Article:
‚ÄúYou risk falling. He’s just‚Ä¶a miracle dog,‚ÄĚ Einspahr said.
Training Zendo and other Canine¬†Companion service dogs doesn’t happen overnight. It takes the help of many volunteers like Karne Molony.
‚ÄúThese puppies come to us when they’re eight weeks old and know nothing. So it‚Äôs our job to do house training…teach basic manners. We want to return a very well behaved dog,‚ÄĚ Molony said.
Not all dogs make the cut. In fact, Molony said only about half of all dogs in training make it into the advanced training portion. From there, they go on to become service dogs for the disabled.
‚ÄúSo we call those ‘change of career’ dogs,” Molony said.
Those dogs can be adopted by their trainer and usually work as therapy dogs or resource dogs, they just lack the focus or work ethic needed for a service animal.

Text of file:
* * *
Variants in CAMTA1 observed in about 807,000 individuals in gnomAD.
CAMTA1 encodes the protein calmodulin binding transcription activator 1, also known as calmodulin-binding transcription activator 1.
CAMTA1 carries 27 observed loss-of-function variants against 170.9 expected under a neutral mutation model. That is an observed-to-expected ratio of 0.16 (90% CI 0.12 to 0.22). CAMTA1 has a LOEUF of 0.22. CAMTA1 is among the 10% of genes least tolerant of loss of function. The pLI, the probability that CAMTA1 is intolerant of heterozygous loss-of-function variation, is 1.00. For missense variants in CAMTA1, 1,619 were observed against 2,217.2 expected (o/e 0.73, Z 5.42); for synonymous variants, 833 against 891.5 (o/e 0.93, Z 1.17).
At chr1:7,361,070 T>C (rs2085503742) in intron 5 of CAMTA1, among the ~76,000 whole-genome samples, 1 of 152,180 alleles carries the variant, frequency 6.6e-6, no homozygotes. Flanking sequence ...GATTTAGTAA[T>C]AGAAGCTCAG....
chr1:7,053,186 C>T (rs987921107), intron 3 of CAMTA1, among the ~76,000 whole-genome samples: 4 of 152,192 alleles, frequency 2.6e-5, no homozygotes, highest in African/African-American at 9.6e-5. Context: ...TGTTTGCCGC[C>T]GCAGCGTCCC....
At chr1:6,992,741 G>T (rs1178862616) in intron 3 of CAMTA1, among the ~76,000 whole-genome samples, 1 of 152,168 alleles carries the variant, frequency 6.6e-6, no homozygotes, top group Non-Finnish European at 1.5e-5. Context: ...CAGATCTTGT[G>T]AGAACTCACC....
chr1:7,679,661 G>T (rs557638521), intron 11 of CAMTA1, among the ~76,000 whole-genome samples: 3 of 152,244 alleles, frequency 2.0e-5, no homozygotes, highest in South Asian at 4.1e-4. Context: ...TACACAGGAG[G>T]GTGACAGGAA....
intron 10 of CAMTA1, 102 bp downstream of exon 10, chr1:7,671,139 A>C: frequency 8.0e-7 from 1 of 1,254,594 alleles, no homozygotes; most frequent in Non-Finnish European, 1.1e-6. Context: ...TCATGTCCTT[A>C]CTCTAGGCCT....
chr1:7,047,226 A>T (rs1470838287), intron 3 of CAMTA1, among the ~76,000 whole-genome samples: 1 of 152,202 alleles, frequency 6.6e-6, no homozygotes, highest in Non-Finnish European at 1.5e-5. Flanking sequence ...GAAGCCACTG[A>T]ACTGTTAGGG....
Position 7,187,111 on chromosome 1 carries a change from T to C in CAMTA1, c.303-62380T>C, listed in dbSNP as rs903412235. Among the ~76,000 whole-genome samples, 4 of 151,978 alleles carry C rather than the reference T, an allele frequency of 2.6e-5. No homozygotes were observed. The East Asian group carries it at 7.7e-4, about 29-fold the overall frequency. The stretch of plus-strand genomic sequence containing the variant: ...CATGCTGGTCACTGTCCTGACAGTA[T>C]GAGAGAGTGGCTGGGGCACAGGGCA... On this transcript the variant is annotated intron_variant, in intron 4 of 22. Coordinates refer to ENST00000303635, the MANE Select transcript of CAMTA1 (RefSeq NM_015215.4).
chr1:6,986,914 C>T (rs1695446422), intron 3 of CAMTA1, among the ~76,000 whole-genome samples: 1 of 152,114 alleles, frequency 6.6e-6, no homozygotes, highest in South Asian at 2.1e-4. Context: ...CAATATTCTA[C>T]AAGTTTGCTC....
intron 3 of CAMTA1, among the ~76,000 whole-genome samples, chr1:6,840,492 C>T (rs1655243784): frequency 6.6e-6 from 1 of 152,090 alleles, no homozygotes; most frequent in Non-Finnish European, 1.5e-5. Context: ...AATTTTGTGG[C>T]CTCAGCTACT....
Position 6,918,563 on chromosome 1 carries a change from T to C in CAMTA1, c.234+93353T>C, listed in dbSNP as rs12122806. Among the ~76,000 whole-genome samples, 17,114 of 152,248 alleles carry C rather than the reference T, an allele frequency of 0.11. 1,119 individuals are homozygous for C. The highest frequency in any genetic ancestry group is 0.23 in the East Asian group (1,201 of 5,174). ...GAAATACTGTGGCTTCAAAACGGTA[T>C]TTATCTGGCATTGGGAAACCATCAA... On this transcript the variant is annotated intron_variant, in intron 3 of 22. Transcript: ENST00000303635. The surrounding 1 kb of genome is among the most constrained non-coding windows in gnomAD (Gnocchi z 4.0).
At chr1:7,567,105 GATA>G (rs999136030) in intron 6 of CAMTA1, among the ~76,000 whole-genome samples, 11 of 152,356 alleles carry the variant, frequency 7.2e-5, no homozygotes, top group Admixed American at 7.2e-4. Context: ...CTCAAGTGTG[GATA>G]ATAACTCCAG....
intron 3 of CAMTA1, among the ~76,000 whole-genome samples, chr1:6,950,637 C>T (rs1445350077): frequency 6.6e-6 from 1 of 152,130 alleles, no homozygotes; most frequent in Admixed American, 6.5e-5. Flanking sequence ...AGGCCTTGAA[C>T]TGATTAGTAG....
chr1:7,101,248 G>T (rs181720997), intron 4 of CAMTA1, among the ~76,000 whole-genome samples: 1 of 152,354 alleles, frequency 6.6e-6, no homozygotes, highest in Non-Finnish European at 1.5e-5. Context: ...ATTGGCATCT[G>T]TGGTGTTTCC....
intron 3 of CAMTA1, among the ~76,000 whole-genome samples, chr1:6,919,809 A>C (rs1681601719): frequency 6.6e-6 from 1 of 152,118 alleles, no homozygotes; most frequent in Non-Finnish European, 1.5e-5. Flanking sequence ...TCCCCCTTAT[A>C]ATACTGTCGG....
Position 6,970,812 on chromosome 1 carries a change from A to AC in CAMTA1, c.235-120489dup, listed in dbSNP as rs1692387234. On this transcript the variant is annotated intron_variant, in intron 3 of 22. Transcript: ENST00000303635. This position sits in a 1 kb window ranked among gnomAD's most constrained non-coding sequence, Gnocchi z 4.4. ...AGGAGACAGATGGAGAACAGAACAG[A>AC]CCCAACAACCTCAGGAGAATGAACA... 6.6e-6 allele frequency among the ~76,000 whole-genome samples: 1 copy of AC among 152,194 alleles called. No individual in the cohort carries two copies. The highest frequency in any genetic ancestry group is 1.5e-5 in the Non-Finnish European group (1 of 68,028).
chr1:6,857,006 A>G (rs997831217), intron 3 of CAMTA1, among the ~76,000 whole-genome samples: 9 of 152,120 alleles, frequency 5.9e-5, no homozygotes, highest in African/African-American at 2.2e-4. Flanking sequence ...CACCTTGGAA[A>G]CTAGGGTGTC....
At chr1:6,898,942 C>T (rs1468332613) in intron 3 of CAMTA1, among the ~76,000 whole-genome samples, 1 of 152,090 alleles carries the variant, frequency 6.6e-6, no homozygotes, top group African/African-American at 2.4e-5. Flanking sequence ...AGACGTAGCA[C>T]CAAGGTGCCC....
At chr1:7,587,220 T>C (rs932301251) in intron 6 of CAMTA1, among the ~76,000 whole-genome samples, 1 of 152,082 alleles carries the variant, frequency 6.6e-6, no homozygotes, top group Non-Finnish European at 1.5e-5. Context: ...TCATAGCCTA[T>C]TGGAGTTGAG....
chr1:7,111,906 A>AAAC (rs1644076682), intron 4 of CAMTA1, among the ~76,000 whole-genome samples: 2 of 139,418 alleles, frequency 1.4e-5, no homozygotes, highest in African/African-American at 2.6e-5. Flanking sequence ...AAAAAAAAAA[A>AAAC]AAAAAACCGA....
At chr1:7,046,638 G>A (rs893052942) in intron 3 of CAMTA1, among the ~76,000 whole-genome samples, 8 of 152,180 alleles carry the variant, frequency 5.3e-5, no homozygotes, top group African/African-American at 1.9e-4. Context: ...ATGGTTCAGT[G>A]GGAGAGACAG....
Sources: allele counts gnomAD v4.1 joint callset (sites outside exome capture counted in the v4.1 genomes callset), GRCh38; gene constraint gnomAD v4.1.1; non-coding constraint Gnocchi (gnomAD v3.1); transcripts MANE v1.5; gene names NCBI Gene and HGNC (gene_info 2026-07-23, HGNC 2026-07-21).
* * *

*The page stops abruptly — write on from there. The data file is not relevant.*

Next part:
“They’ve got to be real rock solid,‚ÄĚ Molony said.
Volunteers said training the pups is not an easy job, and compares it, at times, to taking care of a toddler. ¬†
‚ÄúAt the beginning its hard, because they’re not sleeping through the night, they’re not housebroken, and you know, you’re sleep deprived and all that,‚ÄĚ Molony said.
And after all of the training and hard work,¬†it‚Äôs even harder to say goodbye.
‚ÄúBut when you see the good they’re going to do, and the difference they’re going to make in someone’s life, you know, you kind of say boy this is really hard, but this is it’s going to be a great thing,‚ÄĚ Molony said.